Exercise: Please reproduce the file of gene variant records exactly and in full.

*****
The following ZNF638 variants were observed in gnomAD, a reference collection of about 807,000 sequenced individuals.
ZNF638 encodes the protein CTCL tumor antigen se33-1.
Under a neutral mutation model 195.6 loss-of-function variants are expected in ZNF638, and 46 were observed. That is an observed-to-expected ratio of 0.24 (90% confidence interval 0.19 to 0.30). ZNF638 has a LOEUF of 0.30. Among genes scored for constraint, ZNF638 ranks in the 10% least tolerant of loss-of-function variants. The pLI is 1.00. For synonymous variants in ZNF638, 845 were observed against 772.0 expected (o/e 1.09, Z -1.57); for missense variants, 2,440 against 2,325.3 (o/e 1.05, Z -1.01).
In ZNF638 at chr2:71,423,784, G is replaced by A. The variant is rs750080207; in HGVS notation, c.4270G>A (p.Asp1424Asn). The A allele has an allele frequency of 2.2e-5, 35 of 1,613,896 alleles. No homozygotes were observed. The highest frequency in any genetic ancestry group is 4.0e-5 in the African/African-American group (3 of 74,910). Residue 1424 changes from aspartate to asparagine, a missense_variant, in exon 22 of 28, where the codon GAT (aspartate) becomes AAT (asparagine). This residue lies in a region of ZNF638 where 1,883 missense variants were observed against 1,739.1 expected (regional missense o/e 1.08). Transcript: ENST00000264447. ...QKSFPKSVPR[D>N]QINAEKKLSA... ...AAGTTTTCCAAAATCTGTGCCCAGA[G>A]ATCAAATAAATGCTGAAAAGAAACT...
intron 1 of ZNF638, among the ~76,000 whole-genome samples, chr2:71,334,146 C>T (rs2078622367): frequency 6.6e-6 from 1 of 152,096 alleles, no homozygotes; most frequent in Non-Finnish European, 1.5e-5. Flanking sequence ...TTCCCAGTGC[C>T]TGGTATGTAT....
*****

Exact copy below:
The following ZNF638 variants were observed in gnomAD, a reference collection of about 807,000 sequenced individuals.
ZNF638 encodes the protein CTCL tumor antigen se33-1.
Under a neutral mutation model 195.6 loss-of-function variants are expected in ZNF638, and 46 were observed. That is an observed-to-expected ratio of 0.24 (90% confidence interval 0.19 to 0.30). ZNF638 has a LOEUF of 0.30. Among genes scored for constraint, ZNF638 ranks in the 10% least tolerant of loss-of-function variants. The pLI is 1.00. For synonymous variants in ZNF638, 845 were observed against 772.0 expected (o/e 1.09, Z -1.57); for missense variants, 2,440 against 2,325.3 (o/e 1.05, Z -1.01).
In ZNF638 at chr2:71,423,784, G is replaced by A. The variant is rs750080207; in HGVS notation, c.4270G>A (p.Asp1424Asn). The A allele has an allele frequency of 2.2e-5, 35 of 1,613,896 alleles. No homozygotes were observed. The highest frequency in any genetic ancestry group is 4.0e-5 in the African/African-American group (3 of 74,910). Residue 1424 changes from aspartate to asparagine, a missense_variant, in exon 22 of 28, where the codon GAT (aspartate) becomes AAT (asparagine). This residue lies in a region of ZNF638 where 1,883 missense variants were observed against 1,739.1 expected (regional missense o/e 1.08). Transcript: ENST00000264447. ...QKSFPKSVPR[D>N]QINAEKKLSA... ...AAGTTTTCCAAAATCTGTGCCCAGA[G>A]ATCAAATAAATGCTGAAAAGAAACT...
intron 1 of ZNF638, among the ~76,000 whole-genome samples, chr2:71,334,146 C>T (rs2078622367): frequency 6.6e-6 from 1 of 152,096 alleles, no homozygotes; most frequent in Non-Finnish European, 1.5e-5. Flanking sequence ...TTCCCAGTGC[C>T]TGGTATGTAT....